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Cold beds create hot heads in alpine resorts

During the high season visitors struggle to find a room in St-Luc - but many beds remain empty

Rarely has a people’s initiative generated so much debate in canton Valais than that against the building of second homes – especially in Val d’Anniviers.

The initiative threatens the valley community’s very existence, according to the local council.

“It’s the daftest thing I’ve ever heard!” thunders Maurice Epiney behind the wheel of the bus bringing two dozen or so people up from Sierre into the alpine villages of Val d’Anniviers: tourists with rucksacks, snow shoes and skis sit next to locals with loaded shopping bags and a few foreigners going to their tourism-related jobs.

Epiney spends the entire journey talking to the passenger on the front seat about the initiative “to end the invasive construction of secondary residences”, launched by Helvetia Nostra (Our Switzerland), a lobby group established by leading environmentalist Franz Weber.

If it passes, Epiney says, he won’t even be able to hand his mountain hut onto his son because his son lives outside the canton.

He paints another grim scenario: “My brother-in-law’s joinery would fold and the staff, who all live here, would have to try to find jobs outside the valley.”

Epiney’s fears are not unfounded. The initiative, on which all Swiss voters will have their say on March 11, proposes that the constitution be modified to ensure that secondary residences do not account for more than 20 per cent of residential areas or of the total surface area of each commune.

In the commune of Anniviers, the figure is 70 per cent. In the valley’s best-known resorts, St-Luc and Grimentz, 80 per cent of residences are secondary homes – a Swiss record.


Two of Epiney’s passengers on this sunny but cold February day are Monika Verster and Aschi Meier from Zurich.

They get off at the “St-Luc, Chemin des Caïds” stop, where they have rented, in their words, a “run-of-the-mill” chalet for a week.

They are referring to one of those countless wooden houses which are delivered from the lowlands practically ready for occupation and can be put up in just a few days.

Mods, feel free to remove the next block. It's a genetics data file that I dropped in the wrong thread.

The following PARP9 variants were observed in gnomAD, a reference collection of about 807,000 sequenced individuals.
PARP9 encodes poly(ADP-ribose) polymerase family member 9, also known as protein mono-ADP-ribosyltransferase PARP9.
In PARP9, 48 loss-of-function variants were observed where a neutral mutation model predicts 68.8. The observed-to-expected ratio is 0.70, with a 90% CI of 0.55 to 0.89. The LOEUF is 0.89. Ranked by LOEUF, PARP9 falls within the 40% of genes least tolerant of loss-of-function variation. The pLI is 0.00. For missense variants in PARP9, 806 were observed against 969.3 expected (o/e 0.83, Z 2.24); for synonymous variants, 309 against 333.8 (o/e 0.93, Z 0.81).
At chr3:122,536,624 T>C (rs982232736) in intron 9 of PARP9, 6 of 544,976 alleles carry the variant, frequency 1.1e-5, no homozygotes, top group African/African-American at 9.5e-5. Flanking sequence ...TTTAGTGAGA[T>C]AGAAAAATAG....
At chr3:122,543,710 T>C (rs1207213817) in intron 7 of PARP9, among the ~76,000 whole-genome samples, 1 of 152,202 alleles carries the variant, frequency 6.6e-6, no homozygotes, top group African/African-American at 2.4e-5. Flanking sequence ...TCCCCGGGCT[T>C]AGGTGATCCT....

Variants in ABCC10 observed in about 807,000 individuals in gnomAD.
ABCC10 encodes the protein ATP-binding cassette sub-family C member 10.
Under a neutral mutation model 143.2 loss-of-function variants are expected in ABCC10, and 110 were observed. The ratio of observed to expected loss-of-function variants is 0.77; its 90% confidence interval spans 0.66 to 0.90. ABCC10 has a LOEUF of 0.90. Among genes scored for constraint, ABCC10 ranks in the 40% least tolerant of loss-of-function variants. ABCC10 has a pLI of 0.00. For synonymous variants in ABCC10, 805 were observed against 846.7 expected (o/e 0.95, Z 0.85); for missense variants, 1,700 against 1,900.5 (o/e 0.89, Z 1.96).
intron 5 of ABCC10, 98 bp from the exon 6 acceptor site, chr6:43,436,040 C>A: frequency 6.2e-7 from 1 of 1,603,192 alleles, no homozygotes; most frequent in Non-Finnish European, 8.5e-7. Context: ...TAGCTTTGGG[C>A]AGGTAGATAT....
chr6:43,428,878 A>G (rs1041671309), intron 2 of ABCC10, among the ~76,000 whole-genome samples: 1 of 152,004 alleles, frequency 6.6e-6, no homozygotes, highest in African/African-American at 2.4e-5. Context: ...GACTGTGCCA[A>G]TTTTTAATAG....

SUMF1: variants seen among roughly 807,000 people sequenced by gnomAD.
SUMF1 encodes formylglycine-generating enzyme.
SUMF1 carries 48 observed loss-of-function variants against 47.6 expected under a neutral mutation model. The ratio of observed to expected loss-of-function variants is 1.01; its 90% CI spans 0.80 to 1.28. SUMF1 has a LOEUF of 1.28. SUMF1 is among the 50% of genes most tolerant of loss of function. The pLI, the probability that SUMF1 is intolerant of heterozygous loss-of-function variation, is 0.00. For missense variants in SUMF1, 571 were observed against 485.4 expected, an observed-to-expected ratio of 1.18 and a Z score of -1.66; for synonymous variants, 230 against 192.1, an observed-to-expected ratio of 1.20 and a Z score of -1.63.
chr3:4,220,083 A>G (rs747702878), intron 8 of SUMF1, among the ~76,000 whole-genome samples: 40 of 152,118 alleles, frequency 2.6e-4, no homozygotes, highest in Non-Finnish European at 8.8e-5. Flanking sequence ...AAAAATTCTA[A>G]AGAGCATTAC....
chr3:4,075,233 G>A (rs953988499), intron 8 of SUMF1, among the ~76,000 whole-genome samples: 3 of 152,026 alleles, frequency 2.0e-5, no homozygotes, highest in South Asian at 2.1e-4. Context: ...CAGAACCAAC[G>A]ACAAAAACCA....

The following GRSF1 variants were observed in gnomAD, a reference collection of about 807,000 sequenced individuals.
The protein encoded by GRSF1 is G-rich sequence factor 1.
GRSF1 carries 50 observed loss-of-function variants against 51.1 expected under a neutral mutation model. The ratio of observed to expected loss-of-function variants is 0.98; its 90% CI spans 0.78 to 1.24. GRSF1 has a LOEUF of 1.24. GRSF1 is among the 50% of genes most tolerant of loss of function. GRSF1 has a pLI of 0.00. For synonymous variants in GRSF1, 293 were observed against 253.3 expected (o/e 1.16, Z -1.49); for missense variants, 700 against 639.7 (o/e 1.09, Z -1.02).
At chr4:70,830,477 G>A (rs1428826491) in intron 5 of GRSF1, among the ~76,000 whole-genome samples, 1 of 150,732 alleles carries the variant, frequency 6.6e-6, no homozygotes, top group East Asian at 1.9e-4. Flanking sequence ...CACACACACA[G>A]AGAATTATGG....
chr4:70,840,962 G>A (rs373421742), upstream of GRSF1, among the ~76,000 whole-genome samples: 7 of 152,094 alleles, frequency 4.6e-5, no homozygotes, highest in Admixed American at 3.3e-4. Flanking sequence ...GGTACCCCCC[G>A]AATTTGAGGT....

Meier said he would vote in favour of Weber’s initiative – although it would affect offers from which he now benefits.

“It’s a question of preventing the landscape from becoming more and more spoilt by development,” he says.

Irène Spalt and Timucin Demir have hiked with their two children from Grimentz over Chandolin to St-Luc “past so many houses with closed shutters”. This, in their opinion, is “absurd”.

The fact that even in the high season, when it can be hard to get a room in the valley, beds in the village remain “cold” is confirmed by Anne Mathieu, who has lived for 20 years in one of nine apartments in a multi-family house – “often completely alone”.

Her neighbours are second homers whose permanent residence is either in another canton or abroad and who show their faces in St-Luc for only a few weeks a year.

Job threat

“If the Franz Weber initiative is accepted, Anniviers won’t build any more second homes for decades,” the nine-person local council recently told inhabitants in a statement, adding that it threatened jobs, particularly in construction, retail and on the pistes, for example chair lift operators.

Kathy Berset Soliot, a business manager and co-owner of estate agents Afim, agrees.

The three-and-a-half-room apartments which Afim is currently offering in St-Luc cost SFr470,000-600,000 ($515,000-660,000). Maisonettes with five-and-a-half rooms go for between SFr620,000 and SFr1 million.